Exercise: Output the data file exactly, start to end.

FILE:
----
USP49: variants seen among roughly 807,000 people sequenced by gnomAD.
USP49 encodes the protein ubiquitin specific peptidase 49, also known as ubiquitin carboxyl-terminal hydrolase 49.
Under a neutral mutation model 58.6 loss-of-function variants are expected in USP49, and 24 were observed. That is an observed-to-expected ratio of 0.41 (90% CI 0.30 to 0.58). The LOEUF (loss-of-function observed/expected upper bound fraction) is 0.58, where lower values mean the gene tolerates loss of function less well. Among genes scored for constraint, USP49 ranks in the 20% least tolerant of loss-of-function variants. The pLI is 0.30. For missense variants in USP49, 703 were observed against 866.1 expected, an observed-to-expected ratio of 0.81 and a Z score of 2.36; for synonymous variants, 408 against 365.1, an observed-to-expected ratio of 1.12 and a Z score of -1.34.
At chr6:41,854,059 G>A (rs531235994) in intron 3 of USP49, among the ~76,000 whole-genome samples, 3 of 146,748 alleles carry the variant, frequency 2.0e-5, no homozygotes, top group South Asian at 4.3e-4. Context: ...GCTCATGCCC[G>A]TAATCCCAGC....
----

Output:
USP49: variants seen among roughly 807,000 people sequenced by gnomAD.
USP49 encodes the protein ubiquitin specific peptidase 49, also known as ubiquitin carboxyl-terminal hydrolase 49.
Under a neutral mutation model 58.6 loss-of-function variants are expected in USP49, and 24 were observed. That is an observed-to-expected ratio of 0.41 (90% CI 0.30 to 0.58). The LOEUF (loss-of-function observed/expected upper bound fraction) is 0.58, where lower values mean the gene tolerates loss of function less well. Among genes scored for constraint, USP49 ranks in the 20% least tolerant of loss-of-function variants. The pLI is 0.30. For missense variants in USP49, 703 were observed against 866.1 expected, an observed-to-expected ratio of 0.81 and a Z score of 2.36; for synonymous variants, 408 against 365.1, an observed-to-expected ratio of 1.12 and a Z score of -1.34.
At chr6:41,854,059 G>A (rs531235994) in intron 3 of USP49, among the ~76,000 whole-genome samples, 3 of 146,748 alleles carry the variant, frequency 2.0e-5, no homozygotes, top group South Asian at 4.3e-4. Context: ...GCTCATGCCC[G>A]TAATCCCAGC....